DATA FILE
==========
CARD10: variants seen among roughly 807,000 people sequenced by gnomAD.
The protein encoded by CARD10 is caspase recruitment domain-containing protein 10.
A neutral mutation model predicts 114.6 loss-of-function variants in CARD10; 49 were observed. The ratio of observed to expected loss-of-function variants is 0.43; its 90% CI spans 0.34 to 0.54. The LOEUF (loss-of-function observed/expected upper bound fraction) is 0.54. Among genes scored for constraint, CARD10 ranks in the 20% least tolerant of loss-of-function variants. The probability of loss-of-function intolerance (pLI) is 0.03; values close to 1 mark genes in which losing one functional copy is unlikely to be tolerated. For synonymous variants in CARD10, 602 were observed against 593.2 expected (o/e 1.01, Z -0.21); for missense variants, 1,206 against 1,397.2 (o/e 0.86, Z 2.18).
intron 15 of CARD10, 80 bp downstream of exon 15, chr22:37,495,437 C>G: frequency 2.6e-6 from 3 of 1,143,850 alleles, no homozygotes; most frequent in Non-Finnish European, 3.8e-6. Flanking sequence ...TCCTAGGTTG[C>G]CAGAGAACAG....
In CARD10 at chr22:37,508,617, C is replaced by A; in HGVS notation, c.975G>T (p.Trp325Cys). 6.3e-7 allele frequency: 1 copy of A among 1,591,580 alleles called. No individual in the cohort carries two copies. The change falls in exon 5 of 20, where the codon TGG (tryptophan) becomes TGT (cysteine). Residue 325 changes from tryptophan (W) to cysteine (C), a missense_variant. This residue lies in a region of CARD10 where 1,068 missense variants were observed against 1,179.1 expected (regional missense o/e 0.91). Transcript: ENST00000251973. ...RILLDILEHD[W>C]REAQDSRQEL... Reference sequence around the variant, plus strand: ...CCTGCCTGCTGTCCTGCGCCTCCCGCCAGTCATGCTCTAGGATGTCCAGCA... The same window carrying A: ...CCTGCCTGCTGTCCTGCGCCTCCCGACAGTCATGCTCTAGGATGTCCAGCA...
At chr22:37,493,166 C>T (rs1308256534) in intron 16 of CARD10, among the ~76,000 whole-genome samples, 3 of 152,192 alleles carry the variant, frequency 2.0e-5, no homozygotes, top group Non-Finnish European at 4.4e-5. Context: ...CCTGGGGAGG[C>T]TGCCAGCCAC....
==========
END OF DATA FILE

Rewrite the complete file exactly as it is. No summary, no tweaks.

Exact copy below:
CARD10: variants seen among roughly 807,000 people sequenced by gnomAD.
The protein encoded by CARD10 is caspase recruitment domain-containing protein 10.
A neutral mutation model predicts 114.6 loss-of-function variants in CARD10; 49 were observed. The ratio of observed to expected loss-of-function variants is 0.43; its 90% CI spans 0.34 to 0.54. The LOEUF (loss-of-function observed/expected upper bound fraction) is 0.54. Among genes scored for constraint, CARD10 ranks in the 20% least tolerant of loss-of-function variants. The probability of loss-of-function intolerance (pLI) is 0.03; values close to 1 mark genes in which losing one functional copy is unlikely to be tolerated. For synonymous variants in CARD10, 602 were observed against 593.2 expected (o/e 1.01, Z -0.21); for missense variants, 1,206 against 1,397.2 (o/e 0.86, Z 2.18).
intron 15 of CARD10, 80 bp downstream of exon 15, chr22:37,495,437 C>G: frequency 2.6e-6 from 3 of 1,143,850 alleles, no homozygotes; most frequent in Non-Finnish European, 3.8e-6. Flanking sequence ...TCCTAGGTTG[C>G]CAGAGAACAG....
In CARD10 at chr22:37,508,617, C is replaced by A; in HGVS notation, c.975G>T (p.Trp325Cys). 6.3e-7 allele frequency: 1 copy of A among 1,591,580 alleles called. No individual in the cohort carries two copies. The change falls in exon 5 of 20, where the codon TGG (tryptophan) becomes TGT (cysteine). Residue 325 changes from tryptophan (W) to cysteine (C), a missense_variant. This residue lies in a region of CARD10 where 1,068 missense variants were observed against 1,179.1 expected (regional missense o/e 0.91). Transcript: ENST00000251973. ...RILLDILEHD[W>C]REAQDSRQEL... Reference sequence around the variant, plus strand: ...CCTGCCTGCTGTCCTGCGCCTCCCGCCAGTCATGCTCTAGGATGTCCAGCA... The same window carrying A: ...CCTGCCTGCTGTCCTGCGCCTCCCGACAGTCATGCTCTAGGATGTCCAGCA...
At chr22:37,493,166 C>T (rs1308256534) in intron 16 of CARD10, among the ~76,000 whole-genome samples, 3 of 152,192 alleles carry the variant, frequency 2.0e-5, no homozygotes, top group Non-Finnish European at 4.4e-5. Context: ...CCTGGGGAGG[C>T]TGCCAGCCAC....